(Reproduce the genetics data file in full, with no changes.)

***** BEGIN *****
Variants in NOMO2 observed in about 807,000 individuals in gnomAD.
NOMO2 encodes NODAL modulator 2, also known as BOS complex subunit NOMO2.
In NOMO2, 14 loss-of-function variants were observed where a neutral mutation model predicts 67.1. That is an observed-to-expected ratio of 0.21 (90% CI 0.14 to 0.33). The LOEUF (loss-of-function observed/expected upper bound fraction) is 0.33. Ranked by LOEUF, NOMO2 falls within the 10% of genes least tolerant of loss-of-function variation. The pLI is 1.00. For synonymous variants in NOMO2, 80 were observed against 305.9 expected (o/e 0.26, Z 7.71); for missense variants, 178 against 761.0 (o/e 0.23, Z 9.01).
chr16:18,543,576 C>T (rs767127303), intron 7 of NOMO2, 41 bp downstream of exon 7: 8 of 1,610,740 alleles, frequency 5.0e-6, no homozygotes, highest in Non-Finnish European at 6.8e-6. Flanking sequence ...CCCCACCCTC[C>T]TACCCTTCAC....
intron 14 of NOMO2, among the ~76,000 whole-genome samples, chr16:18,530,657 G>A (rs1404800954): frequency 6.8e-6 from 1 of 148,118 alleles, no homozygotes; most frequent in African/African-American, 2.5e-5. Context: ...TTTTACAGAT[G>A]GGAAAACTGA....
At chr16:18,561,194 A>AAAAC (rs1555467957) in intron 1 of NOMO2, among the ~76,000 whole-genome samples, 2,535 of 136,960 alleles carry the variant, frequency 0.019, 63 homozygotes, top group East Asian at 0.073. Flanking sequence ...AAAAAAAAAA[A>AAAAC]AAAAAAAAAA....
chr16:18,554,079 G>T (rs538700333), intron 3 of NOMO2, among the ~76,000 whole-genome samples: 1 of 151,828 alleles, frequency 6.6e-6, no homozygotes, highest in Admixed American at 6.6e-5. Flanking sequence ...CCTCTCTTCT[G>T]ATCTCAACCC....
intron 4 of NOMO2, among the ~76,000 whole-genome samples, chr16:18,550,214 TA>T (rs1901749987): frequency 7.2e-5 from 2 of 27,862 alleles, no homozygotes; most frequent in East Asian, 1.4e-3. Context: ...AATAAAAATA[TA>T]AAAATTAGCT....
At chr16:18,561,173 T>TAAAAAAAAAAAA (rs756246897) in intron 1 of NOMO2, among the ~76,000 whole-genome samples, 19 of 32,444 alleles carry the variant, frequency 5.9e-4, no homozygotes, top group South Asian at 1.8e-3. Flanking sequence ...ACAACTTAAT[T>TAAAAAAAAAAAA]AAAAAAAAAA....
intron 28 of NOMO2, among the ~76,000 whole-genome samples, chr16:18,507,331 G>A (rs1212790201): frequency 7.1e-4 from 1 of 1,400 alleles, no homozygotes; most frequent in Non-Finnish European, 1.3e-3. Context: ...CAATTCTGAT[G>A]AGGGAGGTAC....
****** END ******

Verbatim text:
Variants in NOMO2 observed in about 807,000 individuals in gnomAD.
NOMO2 encodes NODAL modulator 2, also known as BOS complex subunit NOMO2.
In NOMO2, 14 loss-of-function variants were observed where a neutral mutation model predicts 67.1. That is an observed-to-expected ratio of 0.21 (90% CI 0.14 to 0.33). The LOEUF (loss-of-function observed/expected upper bound fraction) is 0.33. Ranked by LOEUF, NOMO2 falls within the 10% of genes least tolerant of loss-of-function variation. The pLI is 1.00. For synonymous variants in NOMO2, 80 were observed against 305.9 expected (o/e 0.26, Z 7.71); for missense variants, 178 against 761.0 (o/e 0.23, Z 9.01).
chr16:18,543,576 C>T (rs767127303), intron 7 of NOMO2, 41 bp downstream of exon 7: 8 of 1,610,740 alleles, frequency 5.0e-6, no homozygotes, highest in Non-Finnish European at 6.8e-6. Flanking sequence ...CCCCACCCTC[C>T]TACCCTTCAC....
intron 14 of NOMO2, among the ~76,000 whole-genome samples, chr16:18,530,657 G>A (rs1404800954): frequency 6.8e-6 from 1 of 148,118 alleles, no homozygotes; most frequent in African/African-American, 2.5e-5. Context: ...TTTTACAGAT[G>A]GGAAAACTGA....
At chr16:18,561,194 A>AAAAC (rs1555467957) in intron 1 of NOMO2, among the ~76,000 whole-genome samples, 2,535 of 136,960 alleles carry the variant, frequency 0.019, 63 homozygotes, top group East Asian at 0.073. Flanking sequence ...AAAAAAAAAA[A>AAAAC]AAAAAAAAAA....
chr16:18,554,079 G>T (rs538700333), intron 3 of NOMO2, among the ~76,000 whole-genome samples: 1 of 151,828 alleles, frequency 6.6e-6, no homozygotes, highest in Admixed American at 6.6e-5. Flanking sequence ...CCTCTCTTCT[G>T]ATCTCAACCC....
intron 4 of NOMO2, among the ~76,000 whole-genome samples, chr16:18,550,214 TA>T (rs1901749987): frequency 7.2e-5 from 2 of 27,862 alleles, no homozygotes; most frequent in East Asian, 1.4e-3. Context: ...AATAAAAATA[TA>T]AAAATTAGCT....
At chr16:18,561,173 T>TAAAAAAAAAAAA (rs756246897) in intron 1 of NOMO2, among the ~76,000 whole-genome samples, 19 of 32,444 alleles carry the variant, frequency 5.9e-4, no homozygotes, top group South Asian at 1.8e-3. Flanking sequence ...ACAACTTAAT[T>TAAAAAAAAAAAA]AAAAAAAAAA....
intron 28 of NOMO2, among the ~76,000 whole-genome samples, chr16:18,507,331 G>A (rs1212790201): frequency 7.1e-4 from 1 of 1,400 alleles, no homozygotes; most frequent in Non-Finnish European, 1.3e-3. Context: ...CAATTCTGAT[G>A]AGGGAGGTAC....